Colon Cancer Awareness Month
Ray Smith
/ Categories: WELLNESS, 2023

Colon Cancer Awareness Month

What to know about the 2nd leading cause of cancer-related death

It’s not often you hear the words ‘cancer’ and ‘good news’ in the same sentence but here it is: The rate of people being diagnosed with colon or rectal cancer each year has dropped overall since the mid-1980s. One of the primary reasons driving this positive trend is the fact that more people are getting screened.

While it would be nice to think that colon cancer is going away, it’s not. It’s the second leading cause of cancer-related death in men and women, and an estimated 153,000+ cases of colon and rectal cancer will be diagnosed this year. But, thanks to screenings, we’re catching abnormal tissue, such as polyps, before they can develop into life-threatening cancer.

Currently, the U.S. Preventive Services Task Force suggests screening for adults ages 50 to 75. If a screening reveals no cause for concern, the time between screenings may be as long as 10 years.

For individuals with a personal or family history of colon cancer or other risk factors (see below), it may be recommended to begin screenings earlier.

Factors that put you at risk for colorectal cancer include:

  • Age
  • Inflammatory bowel disease such as Crohn’s disease or ulcerative colitis.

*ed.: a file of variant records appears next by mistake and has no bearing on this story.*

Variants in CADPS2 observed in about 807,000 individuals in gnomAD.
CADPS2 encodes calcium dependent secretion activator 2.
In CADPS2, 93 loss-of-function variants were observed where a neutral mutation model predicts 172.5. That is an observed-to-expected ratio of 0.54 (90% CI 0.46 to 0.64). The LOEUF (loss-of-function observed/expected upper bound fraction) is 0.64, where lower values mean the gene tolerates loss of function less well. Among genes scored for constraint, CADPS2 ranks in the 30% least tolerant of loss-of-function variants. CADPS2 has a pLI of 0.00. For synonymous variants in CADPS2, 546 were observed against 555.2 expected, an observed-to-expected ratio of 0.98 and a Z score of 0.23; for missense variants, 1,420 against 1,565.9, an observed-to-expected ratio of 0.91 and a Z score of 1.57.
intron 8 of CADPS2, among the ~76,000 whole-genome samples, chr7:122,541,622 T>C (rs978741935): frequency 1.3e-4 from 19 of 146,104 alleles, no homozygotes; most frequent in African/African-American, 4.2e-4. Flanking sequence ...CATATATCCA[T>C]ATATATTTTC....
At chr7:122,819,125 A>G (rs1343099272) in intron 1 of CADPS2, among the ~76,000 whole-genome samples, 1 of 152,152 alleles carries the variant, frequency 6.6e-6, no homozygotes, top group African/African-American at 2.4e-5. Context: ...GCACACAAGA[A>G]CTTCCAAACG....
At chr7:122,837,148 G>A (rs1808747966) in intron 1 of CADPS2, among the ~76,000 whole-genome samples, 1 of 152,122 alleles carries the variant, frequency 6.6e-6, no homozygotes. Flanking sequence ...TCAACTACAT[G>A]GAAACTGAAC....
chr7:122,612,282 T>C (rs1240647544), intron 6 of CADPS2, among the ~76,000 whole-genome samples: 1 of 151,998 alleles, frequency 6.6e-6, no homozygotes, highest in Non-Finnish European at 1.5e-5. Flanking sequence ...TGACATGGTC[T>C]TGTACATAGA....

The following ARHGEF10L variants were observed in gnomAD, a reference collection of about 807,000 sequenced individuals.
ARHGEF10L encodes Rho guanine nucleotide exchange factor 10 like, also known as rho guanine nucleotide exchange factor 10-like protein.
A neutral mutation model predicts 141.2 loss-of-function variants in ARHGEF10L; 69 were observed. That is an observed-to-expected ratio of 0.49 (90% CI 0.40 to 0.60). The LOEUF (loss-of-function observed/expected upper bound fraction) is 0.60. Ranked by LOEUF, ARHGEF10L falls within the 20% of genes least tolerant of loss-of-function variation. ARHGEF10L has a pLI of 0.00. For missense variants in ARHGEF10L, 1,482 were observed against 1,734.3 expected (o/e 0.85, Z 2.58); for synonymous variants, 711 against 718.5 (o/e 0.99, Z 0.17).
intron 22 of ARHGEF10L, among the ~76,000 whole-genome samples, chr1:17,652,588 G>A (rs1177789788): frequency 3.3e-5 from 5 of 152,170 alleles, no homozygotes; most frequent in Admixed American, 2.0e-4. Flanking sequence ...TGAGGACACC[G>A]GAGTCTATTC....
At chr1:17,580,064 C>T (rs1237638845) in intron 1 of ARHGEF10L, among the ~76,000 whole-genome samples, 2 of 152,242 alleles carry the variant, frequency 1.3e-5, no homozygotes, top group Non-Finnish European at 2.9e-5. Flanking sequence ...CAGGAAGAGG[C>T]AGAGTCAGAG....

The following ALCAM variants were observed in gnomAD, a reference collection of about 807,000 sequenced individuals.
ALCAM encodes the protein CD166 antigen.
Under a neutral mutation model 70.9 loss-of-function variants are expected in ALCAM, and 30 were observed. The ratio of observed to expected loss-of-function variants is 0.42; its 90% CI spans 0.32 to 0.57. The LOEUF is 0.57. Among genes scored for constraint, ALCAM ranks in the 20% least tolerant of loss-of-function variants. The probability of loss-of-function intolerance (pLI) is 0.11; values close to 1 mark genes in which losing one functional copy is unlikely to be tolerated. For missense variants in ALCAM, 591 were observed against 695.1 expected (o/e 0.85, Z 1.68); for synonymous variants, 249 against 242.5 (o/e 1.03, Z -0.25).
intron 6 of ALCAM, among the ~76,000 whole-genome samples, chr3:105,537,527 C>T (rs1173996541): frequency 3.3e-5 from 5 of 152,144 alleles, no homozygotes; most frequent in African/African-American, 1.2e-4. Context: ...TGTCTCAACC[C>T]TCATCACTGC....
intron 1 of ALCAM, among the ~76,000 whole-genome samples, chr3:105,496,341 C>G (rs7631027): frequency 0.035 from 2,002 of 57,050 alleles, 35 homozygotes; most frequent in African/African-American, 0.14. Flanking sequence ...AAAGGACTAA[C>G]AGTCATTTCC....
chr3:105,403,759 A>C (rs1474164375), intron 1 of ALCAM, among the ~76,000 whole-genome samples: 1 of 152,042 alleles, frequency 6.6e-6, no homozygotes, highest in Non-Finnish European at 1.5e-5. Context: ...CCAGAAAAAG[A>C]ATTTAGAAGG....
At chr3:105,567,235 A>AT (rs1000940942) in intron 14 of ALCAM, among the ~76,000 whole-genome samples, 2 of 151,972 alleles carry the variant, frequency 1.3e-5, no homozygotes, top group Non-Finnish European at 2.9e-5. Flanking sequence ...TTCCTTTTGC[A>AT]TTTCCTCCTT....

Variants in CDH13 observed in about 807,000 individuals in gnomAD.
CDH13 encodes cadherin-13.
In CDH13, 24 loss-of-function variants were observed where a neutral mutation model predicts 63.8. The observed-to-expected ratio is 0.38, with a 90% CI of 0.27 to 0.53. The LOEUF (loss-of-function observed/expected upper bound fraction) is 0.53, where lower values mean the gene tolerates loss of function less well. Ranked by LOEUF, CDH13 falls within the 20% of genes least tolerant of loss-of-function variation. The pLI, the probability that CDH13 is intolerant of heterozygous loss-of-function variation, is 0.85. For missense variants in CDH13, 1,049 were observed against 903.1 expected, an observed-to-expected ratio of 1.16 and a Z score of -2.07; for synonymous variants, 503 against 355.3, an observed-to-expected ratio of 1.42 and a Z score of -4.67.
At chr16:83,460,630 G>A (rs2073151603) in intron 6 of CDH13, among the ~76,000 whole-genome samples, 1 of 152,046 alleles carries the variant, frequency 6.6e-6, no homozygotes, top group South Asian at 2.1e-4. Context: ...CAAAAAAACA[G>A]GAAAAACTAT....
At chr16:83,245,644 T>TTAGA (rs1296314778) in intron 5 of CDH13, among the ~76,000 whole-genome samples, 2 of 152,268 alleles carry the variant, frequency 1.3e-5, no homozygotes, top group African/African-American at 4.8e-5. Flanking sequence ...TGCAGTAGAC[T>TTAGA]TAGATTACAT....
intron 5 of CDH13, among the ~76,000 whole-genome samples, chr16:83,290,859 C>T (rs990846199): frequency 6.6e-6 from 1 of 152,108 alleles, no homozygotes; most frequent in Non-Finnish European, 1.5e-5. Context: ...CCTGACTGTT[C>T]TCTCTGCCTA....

• A personal or family history of colorectal cancer or colorectal polyps
  • Inherited disorders, such as Lynch syndrome, that increases risk of some cancers
  • Lack of regular exercise
  • A diet low in fruit and vegetables
  • Being overweight or obese
  • Use of tobacco or alcohol
  • Eating a lot of red and processed meats

            NOTE: About 5 to 10 percent of colorectal cancers are due to hereditary factors.

Even if you have no family history and practice a healthy lifestyle, it’s important to keep colorectal cancer front of mind and have screenings as recommended by your doctor. The Centers for Disease Control and Prevention (CDC) estimates that only about two-thirds of U.S. adults ages 50 to 75 are up-to-date on their colon cancer screenings.

And because the symptoms of colorectal cancer can be no symptoms at all, without a screening, it’s impossible to treat or prevent it.

To learn what’s involved in a colorectal screening at SVHC, click here.

Dr. David Furman is a board-certified gastroenterologist at SVMC Gastroenterology.

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